Identify the risks of holding debt securities. Analyze the role(s) of debt securities that led to the current credit crisis.

Essay by archdukeUniversity, Master'sA+, May 2009

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According to the Hong Kong Exchanges and Clearing Limited, debt securities include bonds and notes which represent loans to an entity (such as a government, listed company or supranational organisation) in which the entity promises to repay the bondholders or note-holders the total amount borrowed at predetermined maturity date. The repayment in most cases is made on maturity although some loans are repayable in installments. Unlike shareholders, holders of bonds and notes are not owner of an entity, but its creditors. In return for the loan, the compensation for the bondholders or note-holders is interest payments during the life of the bond or note. The interest rate on bonds and notes can be a fixed, floating rate and zero-coupon. The debt securities offer periodical return with stable and predictable interest payments; however many investors may not realise that bonds carry certain degree of risks like equities.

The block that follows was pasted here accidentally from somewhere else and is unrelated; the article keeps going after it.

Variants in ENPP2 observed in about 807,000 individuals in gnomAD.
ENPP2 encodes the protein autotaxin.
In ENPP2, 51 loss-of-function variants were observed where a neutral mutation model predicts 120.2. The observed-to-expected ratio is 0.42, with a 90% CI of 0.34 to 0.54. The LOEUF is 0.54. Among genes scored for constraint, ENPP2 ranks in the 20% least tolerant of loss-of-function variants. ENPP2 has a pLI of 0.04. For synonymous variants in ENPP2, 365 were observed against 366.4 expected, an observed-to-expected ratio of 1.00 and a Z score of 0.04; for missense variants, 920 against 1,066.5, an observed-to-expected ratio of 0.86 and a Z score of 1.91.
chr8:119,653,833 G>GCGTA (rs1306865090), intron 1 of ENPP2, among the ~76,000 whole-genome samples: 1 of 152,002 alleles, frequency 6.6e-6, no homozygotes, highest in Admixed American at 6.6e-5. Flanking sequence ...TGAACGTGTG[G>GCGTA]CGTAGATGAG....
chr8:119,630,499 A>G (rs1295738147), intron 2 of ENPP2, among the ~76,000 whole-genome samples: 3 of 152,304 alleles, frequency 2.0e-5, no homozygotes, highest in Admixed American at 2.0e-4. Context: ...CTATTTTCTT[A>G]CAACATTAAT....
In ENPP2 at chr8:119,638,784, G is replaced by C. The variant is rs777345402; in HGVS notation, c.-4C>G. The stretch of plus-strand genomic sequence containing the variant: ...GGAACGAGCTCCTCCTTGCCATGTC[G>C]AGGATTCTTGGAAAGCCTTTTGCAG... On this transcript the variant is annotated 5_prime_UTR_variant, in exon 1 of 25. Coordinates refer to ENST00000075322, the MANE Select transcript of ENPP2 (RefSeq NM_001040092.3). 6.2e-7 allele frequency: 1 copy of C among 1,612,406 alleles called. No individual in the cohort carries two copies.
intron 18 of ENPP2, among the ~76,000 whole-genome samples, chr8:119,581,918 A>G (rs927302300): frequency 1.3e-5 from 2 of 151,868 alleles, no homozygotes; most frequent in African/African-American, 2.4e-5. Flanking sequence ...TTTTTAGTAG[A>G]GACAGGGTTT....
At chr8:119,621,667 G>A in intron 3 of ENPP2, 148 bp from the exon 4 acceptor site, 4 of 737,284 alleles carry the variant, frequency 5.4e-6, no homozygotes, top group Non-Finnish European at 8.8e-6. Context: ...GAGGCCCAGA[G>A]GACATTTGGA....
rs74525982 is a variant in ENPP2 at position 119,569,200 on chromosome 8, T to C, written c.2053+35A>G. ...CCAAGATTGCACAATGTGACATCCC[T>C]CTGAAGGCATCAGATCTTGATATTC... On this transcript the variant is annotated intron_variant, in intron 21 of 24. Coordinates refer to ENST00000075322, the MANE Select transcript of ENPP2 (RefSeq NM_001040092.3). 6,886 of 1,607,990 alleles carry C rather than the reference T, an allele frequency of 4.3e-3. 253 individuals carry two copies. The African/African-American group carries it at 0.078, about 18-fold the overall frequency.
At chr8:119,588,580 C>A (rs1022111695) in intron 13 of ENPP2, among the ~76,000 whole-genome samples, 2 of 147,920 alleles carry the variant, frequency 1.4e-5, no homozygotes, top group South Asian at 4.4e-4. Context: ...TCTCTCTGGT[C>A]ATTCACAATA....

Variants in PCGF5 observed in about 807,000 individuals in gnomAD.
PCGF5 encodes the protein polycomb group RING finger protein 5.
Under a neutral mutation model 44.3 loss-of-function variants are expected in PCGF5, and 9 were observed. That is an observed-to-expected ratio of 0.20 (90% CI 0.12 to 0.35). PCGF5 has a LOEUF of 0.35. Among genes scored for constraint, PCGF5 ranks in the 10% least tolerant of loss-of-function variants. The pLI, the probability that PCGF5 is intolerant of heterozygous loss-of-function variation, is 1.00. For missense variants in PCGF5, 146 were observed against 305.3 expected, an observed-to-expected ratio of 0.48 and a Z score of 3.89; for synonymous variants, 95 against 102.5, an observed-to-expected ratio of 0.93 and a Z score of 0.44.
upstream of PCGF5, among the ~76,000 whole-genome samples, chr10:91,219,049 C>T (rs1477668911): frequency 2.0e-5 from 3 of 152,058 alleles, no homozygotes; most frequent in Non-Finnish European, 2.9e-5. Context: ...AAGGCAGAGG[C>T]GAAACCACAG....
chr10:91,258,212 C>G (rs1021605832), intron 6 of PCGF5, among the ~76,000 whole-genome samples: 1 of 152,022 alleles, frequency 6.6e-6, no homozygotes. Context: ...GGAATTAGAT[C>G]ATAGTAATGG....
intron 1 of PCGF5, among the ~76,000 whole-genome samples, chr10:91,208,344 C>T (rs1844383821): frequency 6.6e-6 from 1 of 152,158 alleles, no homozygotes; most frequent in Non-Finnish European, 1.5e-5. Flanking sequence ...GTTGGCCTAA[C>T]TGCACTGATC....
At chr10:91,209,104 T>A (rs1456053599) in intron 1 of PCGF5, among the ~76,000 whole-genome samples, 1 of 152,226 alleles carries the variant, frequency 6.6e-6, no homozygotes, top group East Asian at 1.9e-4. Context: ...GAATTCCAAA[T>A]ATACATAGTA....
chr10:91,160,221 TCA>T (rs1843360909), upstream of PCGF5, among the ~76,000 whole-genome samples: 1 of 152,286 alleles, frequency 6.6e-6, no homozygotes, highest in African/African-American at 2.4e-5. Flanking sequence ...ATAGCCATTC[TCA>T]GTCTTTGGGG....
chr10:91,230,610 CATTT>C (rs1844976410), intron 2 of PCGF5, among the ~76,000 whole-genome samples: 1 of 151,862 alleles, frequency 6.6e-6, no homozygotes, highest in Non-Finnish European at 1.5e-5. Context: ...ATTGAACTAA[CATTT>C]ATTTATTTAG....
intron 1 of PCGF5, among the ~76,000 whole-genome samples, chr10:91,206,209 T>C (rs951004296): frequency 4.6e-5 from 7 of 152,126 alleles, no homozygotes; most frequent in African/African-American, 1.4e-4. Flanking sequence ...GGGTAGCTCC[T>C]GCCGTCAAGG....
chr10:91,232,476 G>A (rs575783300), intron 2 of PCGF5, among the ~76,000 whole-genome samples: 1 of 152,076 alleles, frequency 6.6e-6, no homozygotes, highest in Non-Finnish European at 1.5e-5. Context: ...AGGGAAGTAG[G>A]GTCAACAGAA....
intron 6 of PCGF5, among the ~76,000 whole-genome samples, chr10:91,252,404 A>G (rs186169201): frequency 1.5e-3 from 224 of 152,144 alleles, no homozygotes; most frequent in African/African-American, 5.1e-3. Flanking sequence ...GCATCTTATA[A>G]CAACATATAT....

Interest rate risk: the risk of adverse movements in interest rates reducing the portfolio's value.

There is an inverse relationship between changes in interest rates and bond prices. When interest rate goes up, bond price falls. The value of a bond is the sum total of the present value of its fixed future cash flows, discounted at the appropriate current market interest rate.

Reinvestment risk: refers to callable bonds where the bond issuer has the right to "call" the bond before maturity and pay off the debt when interest rates fall. If investor uses the proceeds to reinvest in another bond, the rate is usually lower than the original rate. This kind of risk is more intense for those investors who depend on a bond's coupon payments for most part of their returns.

Call and prepayment risk: the bond issuer can call a bond if the call price is below the market price due...